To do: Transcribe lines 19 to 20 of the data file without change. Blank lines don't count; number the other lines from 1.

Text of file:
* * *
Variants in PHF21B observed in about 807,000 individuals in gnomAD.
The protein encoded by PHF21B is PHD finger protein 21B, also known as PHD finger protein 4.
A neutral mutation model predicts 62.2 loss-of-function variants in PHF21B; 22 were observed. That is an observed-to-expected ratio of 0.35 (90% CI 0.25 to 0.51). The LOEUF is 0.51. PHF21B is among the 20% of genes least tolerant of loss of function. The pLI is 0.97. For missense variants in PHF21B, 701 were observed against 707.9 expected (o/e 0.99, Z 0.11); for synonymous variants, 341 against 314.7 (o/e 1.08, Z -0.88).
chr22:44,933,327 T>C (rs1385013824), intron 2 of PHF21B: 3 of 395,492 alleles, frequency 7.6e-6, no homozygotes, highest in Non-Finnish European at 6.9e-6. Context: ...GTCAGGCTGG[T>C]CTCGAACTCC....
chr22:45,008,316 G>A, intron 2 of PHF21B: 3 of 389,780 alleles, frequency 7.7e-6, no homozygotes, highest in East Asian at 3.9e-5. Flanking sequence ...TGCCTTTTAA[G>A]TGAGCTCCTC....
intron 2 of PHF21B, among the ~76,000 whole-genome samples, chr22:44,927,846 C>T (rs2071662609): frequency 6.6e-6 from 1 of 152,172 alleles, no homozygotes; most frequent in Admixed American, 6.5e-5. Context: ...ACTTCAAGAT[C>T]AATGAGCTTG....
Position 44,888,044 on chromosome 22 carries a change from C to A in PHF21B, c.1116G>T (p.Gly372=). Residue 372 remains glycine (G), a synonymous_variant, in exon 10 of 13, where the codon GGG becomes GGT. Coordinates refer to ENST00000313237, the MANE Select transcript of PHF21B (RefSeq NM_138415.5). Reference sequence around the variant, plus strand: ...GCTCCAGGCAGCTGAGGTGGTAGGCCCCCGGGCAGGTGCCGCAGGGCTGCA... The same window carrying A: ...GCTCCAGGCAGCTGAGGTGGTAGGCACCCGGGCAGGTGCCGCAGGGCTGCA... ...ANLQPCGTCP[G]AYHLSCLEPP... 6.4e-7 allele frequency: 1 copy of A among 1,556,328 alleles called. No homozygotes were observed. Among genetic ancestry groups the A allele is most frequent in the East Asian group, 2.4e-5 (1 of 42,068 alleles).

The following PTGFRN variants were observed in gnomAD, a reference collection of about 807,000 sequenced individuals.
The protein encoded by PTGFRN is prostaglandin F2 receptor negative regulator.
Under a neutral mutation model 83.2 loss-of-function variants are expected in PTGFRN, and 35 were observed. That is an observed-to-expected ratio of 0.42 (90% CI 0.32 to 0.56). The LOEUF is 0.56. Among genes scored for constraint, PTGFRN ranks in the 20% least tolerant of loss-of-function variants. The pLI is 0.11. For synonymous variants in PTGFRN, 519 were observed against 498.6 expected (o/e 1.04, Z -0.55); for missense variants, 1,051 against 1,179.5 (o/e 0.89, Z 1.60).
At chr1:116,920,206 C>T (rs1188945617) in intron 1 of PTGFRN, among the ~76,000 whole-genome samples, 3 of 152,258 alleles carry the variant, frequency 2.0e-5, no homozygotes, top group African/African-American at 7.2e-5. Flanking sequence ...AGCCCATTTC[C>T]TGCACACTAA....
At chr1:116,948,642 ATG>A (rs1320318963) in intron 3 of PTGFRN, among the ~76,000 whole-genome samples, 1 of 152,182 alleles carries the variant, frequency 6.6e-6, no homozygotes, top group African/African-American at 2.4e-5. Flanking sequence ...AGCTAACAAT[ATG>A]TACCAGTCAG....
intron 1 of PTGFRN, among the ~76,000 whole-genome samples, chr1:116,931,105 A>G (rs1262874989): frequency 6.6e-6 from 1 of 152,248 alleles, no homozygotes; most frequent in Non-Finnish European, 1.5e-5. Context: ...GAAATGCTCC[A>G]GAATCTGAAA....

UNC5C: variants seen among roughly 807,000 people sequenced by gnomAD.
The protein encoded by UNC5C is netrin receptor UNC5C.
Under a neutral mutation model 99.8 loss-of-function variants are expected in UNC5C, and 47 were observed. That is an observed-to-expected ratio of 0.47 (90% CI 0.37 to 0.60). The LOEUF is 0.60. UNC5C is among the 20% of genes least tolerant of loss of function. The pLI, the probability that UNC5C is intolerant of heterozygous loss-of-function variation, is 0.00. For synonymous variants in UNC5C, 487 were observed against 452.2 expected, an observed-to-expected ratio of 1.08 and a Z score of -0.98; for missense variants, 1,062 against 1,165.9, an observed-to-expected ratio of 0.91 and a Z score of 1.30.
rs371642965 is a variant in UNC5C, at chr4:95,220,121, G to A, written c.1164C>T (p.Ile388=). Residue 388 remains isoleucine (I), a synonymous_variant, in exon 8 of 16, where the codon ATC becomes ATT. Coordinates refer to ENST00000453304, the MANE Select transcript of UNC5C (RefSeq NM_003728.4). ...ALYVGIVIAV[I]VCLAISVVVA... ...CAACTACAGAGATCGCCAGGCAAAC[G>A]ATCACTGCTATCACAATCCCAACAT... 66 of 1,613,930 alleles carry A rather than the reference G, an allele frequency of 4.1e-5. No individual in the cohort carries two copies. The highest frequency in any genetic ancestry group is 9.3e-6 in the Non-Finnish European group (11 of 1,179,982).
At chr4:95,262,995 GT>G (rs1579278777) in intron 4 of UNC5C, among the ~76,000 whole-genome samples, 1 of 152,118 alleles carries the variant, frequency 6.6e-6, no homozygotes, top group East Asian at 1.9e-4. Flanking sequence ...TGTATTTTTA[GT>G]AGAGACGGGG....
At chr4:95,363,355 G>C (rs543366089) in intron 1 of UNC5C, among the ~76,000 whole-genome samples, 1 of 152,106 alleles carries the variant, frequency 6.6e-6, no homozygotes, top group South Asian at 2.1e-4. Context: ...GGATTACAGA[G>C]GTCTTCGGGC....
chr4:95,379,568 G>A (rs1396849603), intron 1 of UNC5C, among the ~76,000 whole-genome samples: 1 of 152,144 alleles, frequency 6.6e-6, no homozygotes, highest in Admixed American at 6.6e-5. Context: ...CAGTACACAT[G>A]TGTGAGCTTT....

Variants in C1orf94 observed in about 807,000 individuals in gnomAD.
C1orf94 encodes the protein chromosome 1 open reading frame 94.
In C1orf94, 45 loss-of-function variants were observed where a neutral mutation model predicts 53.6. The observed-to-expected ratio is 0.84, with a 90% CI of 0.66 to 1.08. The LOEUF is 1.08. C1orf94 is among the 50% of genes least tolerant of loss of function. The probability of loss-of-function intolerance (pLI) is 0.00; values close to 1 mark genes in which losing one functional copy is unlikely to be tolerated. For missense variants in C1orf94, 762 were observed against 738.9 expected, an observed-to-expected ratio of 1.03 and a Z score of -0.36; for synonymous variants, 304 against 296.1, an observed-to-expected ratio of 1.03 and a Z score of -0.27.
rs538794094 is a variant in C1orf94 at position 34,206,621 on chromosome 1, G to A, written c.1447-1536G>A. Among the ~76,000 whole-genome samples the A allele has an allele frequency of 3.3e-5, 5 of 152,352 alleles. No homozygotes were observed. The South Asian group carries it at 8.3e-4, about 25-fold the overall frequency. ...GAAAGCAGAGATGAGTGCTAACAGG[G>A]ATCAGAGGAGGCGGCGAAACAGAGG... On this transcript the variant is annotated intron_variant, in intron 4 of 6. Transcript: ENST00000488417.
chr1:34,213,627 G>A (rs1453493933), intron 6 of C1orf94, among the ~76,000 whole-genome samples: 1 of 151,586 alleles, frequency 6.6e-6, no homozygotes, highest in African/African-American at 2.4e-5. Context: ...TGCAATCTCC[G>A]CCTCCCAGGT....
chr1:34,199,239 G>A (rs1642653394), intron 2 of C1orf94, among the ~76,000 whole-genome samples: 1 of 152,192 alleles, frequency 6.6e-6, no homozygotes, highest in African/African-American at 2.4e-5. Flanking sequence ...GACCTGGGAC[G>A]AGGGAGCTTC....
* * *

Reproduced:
At chr4:95,363,355 G>C (rs543366089) in intron 1 of UNC5C, among the ~76,000 whole-genome samples, 1 of 152,106 alleles carries the variant, frequency 6.6e-6, no homozygotes, top group South Asian at 2.1e-4. Context: ...GGATTACAGA[G>C]GTCTTCGGGC....
chr4:95,379,568 G>A (rs1396849603), intron 1 of UNC5C, among the ~76,000 whole-genome samples: 1 of 152,144 alleles, frequency 6.6e-6, no homozygotes, highest in Admixed American at 6.6e-5. Context: ...CAGTACACAT[G>A]TGTGAGCTTT....